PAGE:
Author Bios (50 Words)

Ingo Janowski is a PhD candidate at the Department of Tourism, Sport and Hotel Management at Griffith University, Australia. His research interests include adventure tourism, consumer behaviour and cross-cultural theory.

Dr Ina Reichenberger is a lecturer in tourism management at Victoria University of Wellington, New Zealand. Her research centres around tourist behaviour, especially the social aspect of tourism and its relation to value co-creation. Current projects focus on fandom-based community building in tourism spaces.

Abstract (150 Words)

Adventure tourism as a sub-sector of the tourism industry has been growing substantially in scope and significance throughout past decades and is forecasted to continue to expand. Despite its increasing importance, an understanding of what constitutes adventure tourism is lacking. As it ultimately comes down to the individual consumer’s perspective what adventure tourism is, this paper proposes a new consumer-based conceptualisation that highlights dimensions (intrinsic components) of an adventure tourism experience, such as physical activity, risk or exposure to nature. These dimensions are in turn based on indicators (personal attributes) that influence adventure tourism perception, such as previous experience, sensation seeking or risk perception. The proposed model serves as a blueprint for future research on the consumer perception of adventure tourism and represents a basic framework of how the complex sphere of adventure tourism can be conceptualised.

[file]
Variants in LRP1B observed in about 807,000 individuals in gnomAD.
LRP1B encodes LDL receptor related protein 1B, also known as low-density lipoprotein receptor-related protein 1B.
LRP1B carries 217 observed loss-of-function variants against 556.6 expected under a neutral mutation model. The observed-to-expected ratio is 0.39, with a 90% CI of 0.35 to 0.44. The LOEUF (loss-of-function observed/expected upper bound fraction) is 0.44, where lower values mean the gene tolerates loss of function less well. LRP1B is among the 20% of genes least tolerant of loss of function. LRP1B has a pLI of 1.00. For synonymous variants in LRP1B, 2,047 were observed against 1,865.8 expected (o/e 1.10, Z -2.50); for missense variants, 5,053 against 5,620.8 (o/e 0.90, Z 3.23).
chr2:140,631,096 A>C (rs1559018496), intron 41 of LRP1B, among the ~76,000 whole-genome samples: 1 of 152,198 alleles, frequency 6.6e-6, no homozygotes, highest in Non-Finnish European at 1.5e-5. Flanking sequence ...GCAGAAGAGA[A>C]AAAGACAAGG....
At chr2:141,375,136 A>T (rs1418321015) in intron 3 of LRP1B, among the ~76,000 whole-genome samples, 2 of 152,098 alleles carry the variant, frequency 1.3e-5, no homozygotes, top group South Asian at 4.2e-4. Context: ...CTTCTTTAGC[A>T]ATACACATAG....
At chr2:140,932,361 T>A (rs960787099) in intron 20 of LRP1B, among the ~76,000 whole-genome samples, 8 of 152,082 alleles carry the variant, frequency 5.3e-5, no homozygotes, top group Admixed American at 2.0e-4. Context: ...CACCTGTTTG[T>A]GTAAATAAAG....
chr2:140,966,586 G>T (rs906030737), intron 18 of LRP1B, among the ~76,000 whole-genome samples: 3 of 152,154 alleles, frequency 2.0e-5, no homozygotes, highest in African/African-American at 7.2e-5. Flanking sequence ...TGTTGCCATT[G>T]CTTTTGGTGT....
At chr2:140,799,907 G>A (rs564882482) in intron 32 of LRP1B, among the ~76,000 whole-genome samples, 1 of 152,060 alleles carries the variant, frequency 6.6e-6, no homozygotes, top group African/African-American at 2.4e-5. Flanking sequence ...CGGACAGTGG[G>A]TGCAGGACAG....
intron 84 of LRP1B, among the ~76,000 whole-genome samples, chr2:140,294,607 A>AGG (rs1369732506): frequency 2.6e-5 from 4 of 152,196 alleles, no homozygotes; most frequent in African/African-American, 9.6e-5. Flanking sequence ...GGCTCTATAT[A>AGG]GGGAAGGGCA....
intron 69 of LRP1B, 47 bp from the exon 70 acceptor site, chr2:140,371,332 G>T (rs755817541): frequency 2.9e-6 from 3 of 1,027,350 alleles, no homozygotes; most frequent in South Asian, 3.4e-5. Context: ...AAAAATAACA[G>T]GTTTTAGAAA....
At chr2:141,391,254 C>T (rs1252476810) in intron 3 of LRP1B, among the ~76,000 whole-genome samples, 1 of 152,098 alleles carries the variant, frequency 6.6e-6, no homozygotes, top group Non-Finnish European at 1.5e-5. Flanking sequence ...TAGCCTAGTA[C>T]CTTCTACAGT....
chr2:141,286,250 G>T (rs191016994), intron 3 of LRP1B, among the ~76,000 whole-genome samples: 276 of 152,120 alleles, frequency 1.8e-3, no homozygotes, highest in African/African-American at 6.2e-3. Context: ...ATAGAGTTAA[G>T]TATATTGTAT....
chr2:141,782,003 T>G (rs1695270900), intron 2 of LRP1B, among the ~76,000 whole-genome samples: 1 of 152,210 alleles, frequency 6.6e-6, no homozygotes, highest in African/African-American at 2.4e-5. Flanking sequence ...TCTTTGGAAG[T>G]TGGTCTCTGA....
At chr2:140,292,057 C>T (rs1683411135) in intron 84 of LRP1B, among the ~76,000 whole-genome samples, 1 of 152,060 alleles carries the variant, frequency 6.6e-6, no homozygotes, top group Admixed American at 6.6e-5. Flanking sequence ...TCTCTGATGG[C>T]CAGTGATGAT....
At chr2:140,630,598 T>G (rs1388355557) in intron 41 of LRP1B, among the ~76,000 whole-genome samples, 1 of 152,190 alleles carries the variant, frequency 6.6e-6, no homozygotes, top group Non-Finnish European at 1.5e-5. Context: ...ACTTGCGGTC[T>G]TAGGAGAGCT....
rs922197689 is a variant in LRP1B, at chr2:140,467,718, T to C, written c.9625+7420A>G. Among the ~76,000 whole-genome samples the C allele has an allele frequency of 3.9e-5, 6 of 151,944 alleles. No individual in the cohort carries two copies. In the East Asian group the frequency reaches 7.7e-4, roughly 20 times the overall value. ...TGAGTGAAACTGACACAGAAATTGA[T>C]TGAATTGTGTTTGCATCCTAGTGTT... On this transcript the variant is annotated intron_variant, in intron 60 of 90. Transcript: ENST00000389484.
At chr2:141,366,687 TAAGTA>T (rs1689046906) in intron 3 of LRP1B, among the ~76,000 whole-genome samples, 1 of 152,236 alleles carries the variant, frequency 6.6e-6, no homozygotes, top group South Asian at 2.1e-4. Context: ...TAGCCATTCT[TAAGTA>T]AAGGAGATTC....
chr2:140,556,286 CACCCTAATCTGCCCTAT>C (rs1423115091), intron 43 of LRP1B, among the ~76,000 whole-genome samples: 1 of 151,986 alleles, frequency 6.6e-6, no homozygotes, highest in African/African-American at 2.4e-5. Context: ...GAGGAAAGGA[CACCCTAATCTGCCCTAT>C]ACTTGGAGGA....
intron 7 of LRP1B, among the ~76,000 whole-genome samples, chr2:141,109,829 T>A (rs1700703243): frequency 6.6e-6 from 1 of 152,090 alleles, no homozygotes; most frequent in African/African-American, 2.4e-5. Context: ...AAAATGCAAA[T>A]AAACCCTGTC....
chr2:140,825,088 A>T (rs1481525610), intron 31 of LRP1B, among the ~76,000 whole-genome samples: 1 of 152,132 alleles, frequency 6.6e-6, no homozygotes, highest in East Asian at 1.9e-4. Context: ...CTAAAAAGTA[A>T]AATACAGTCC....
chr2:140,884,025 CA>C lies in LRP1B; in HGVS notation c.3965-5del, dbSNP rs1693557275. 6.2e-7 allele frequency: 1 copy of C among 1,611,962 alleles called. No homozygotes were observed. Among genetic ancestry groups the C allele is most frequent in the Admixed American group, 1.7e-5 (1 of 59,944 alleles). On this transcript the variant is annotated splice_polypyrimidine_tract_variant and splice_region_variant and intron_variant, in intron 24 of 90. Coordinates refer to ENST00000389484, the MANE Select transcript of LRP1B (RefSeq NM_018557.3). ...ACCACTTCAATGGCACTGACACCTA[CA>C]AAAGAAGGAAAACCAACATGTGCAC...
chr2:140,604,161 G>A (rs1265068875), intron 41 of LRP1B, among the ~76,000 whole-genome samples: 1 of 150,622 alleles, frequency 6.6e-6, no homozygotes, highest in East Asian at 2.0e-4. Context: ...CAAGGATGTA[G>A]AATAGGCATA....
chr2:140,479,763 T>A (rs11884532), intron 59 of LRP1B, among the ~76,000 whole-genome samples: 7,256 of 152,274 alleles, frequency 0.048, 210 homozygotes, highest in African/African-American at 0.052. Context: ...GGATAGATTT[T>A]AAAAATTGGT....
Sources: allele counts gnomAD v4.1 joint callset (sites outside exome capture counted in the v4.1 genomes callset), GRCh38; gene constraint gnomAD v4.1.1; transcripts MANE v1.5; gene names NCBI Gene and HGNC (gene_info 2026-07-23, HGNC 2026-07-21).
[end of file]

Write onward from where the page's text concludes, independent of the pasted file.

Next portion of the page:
Share

COinS
 

Conceptualising Adventure Tourism from a Consumer Perspective

Adventure tourism as a sub-sector of the tourism industry has been growing substantially in scope and significance throughout past decades and is forecasted to continue to expand. Despite its increasing importance, an understanding of what constitutes adventure tourism is lacking. As it ultimately comes down to the individual consumer’s perspective what adventure tourism is, this paper proposes a new consumer-based conceptualisation that highlights dimensions (intrinsic components) of an adventure tourism experience, such as physical activity, risk or exposure to nature. These dimensions are in turn based on indicators (personal attributes) that influence adventure tourism perception, such as previous experience, sensation seeking or risk perception. The proposed model serves as a blueprint for future research on the consumer perception of adventure tourism and represents a basic framework of how the complex sphere of adventure tourism can be conceptualised.